Indeed, Rapture's failed vision is always drawn in terms of 'choosing': each adversary's lunacy manifests through an obsessional dissatisfaction regarding representation and configuration, impossible perfection and human limitation. [Please refer to V. D2] Dr.Steinman and Sander Cohen are two powerful Rapture residents the player encounters. It is revealed that before the game began Steinman was a plastic surgeon and initially used


[V. D2] Dr.Steinman and Sander Cohen's madness.


ADAM to sculpt his patients' features into conventionally pleasing shapes. However, ADAM allowed him to change the configuration of each face with such ease, that he became tired of 'creating the same tired shapes over and over again: the upturned nose, the cleft chin, the ample bosom (BioShock). ' The propagation of possibilities ADAM presented to Steinman merely highlighted the restrictions inherent in his 'art form'. As Steinman slowly lost his mind, he turned to Picasso for inspiration, attempting to breach the formal structures enclosing his art by committing hideous cubist surgeries. As V. D2 demonstrates, he is never sated, feeling forever trapped by the insufficient variance in his handiwork.


Similarly, Sander Cohen (formerly Rapture's foremost artistic scholar) is obsessed with constructing the perfect frieze. Long since mad, Cohen has 'preserved' many of his splicers in plaster as perpetual sculptures. When traversing Fort Frolic, Cohen tasks the player with dispatching former 'disciples' who have displeased him, photographing them, and arranging the stills in a sculpture for his pleasure. [Please refer to figure 6.3] This chilling combination of ludic combat and 'artistic' compilation is an overt gesture toward the wider question of Cohen's madness: like the horrifically entombed splicers, must videogames sacrifice their dynamic mobility in order to function as representational structures? Traditional aesthetics no longer satisfy Cohen: in desperation for originality, his desires oscillate between the dynamic movement of theatre and immutability of sculpture. Even Cohen's attempts to kill the player mutate into a theatrical performance. As his splicers attack, jovial classical music blares throughout Fort Frolic and a spotlight shines on the player, transforming the skirmish into a piece of macabre theatre which is part dynamic, part orchestrated.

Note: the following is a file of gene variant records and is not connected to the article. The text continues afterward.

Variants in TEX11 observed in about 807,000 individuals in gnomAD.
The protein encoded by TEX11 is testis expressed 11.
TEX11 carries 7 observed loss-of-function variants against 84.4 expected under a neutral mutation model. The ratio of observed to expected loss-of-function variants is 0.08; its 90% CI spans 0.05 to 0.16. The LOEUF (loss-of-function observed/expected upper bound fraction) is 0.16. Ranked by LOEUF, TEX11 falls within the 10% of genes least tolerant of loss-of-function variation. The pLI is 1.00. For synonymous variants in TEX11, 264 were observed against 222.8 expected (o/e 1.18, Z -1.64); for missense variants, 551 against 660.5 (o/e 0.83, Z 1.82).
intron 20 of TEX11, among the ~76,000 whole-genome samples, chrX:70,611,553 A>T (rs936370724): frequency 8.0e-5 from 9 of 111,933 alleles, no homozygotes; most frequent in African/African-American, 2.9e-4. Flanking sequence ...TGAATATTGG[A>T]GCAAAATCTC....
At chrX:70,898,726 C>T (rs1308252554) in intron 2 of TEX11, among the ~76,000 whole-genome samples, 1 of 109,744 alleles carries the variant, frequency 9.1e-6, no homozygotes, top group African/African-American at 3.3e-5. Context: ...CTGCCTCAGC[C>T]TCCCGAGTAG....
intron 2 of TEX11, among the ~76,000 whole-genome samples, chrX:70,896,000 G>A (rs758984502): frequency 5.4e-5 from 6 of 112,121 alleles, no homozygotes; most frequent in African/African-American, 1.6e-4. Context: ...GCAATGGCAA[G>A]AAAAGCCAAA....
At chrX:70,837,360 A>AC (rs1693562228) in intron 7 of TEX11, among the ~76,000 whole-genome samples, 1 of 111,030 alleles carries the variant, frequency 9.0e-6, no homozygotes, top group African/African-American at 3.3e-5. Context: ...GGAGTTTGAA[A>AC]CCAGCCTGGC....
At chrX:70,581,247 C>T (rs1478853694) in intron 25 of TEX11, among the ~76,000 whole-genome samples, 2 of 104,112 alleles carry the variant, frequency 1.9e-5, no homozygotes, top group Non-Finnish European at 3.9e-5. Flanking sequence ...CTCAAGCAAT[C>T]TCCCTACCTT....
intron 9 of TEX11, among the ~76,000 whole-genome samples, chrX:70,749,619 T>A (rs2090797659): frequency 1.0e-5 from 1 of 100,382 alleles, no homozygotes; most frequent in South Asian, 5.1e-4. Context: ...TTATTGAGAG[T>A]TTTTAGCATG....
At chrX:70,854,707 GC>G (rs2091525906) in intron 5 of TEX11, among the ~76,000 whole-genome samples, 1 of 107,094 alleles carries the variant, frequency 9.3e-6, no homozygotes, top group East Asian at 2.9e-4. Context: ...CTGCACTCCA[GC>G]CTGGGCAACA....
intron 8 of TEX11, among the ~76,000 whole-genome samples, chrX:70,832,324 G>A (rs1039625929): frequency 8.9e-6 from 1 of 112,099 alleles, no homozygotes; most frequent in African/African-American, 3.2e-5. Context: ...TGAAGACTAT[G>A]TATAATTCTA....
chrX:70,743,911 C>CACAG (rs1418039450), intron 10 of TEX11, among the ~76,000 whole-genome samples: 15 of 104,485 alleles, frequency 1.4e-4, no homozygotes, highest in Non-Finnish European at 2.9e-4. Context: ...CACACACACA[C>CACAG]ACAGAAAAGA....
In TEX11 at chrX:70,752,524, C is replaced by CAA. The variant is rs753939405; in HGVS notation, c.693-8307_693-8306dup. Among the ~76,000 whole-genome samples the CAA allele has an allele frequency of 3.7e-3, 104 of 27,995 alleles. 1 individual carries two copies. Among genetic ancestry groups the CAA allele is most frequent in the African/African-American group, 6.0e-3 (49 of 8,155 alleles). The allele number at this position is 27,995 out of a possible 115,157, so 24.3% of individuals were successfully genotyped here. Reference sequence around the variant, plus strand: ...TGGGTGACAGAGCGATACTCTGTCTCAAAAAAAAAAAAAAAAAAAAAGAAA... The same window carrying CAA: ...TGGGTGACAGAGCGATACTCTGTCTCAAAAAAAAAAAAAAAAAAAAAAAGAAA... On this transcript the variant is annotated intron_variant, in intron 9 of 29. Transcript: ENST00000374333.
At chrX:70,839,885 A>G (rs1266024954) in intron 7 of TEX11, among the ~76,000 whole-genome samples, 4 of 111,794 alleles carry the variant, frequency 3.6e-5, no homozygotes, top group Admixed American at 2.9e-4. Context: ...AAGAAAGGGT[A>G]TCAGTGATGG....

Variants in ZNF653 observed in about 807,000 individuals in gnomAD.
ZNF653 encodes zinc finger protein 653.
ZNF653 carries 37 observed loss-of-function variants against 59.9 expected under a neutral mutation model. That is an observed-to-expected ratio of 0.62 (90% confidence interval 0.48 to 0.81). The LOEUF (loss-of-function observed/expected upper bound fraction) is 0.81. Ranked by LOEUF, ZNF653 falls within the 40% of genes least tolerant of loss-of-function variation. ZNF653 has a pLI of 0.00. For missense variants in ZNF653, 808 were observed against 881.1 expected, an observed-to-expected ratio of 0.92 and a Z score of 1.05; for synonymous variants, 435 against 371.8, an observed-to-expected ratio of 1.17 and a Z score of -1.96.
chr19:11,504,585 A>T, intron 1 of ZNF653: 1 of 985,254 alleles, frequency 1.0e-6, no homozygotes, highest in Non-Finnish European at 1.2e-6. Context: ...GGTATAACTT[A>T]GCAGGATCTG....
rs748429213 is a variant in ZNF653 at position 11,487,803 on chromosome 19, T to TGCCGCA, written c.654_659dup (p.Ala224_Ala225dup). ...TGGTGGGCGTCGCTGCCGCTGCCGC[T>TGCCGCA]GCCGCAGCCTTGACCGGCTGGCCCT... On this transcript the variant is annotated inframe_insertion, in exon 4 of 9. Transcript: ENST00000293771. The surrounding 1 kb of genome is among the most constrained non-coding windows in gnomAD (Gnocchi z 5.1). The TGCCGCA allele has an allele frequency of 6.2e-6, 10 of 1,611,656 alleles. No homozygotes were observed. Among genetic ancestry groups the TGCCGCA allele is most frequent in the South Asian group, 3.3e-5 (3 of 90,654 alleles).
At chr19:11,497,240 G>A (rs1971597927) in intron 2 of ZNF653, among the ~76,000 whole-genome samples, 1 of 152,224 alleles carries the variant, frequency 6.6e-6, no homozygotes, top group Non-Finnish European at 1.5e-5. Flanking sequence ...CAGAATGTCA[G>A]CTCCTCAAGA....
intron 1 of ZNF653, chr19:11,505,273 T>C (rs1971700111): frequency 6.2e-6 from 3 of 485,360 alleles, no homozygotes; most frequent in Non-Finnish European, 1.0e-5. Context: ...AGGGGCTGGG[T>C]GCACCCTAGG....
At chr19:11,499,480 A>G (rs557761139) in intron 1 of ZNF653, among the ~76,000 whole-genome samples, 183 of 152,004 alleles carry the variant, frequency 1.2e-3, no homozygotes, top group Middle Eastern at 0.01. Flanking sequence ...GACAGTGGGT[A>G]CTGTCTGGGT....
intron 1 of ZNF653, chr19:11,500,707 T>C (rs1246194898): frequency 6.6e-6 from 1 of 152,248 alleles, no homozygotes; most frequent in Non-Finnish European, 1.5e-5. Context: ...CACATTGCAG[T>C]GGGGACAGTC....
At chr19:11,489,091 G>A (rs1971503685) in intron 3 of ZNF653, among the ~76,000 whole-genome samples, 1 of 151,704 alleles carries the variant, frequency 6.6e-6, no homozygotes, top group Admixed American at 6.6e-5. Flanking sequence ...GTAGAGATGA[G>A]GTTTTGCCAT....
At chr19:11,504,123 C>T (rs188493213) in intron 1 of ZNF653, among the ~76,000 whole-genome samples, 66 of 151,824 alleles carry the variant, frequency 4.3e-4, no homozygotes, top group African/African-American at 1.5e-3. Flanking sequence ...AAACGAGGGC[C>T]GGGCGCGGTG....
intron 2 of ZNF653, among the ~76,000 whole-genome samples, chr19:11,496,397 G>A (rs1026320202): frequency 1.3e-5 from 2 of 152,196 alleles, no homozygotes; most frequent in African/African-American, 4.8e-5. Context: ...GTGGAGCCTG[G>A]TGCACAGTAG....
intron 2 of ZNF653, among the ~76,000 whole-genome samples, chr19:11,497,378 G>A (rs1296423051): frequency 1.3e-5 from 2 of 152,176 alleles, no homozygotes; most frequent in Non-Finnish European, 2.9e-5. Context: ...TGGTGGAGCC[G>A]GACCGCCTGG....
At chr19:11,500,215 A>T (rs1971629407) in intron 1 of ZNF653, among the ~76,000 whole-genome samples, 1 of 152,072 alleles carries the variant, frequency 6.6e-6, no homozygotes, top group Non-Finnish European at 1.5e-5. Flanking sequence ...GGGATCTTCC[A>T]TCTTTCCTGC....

Though consistently exposed to the rhetoric of choice, the players encounters with these antagonists brings the carefully constructed nature of their experience into sharp focus. The conflict of ideologies in BioShock does not merely interrogate paradigms of social freedom, but also the foundational structure of the videogame form. In Rapture, form and substance no longer 'constrain' the bounds of human endeavour, just as videogames are both configurative and representational. However, like Steinman and Cohen, is the gaming canon on the road towards terminal confusion? Steinman best describes implications of such a hypothesis when he asks, 'what if now it is not my skill that fails me... but my imagination?' (Bioshock)


Contents . 1 . 2 . 3 . 4 . 5 . 6 . 7 . 8 . 9



[i] Splicing refers to the practice of using ADAM to change one's genetic code.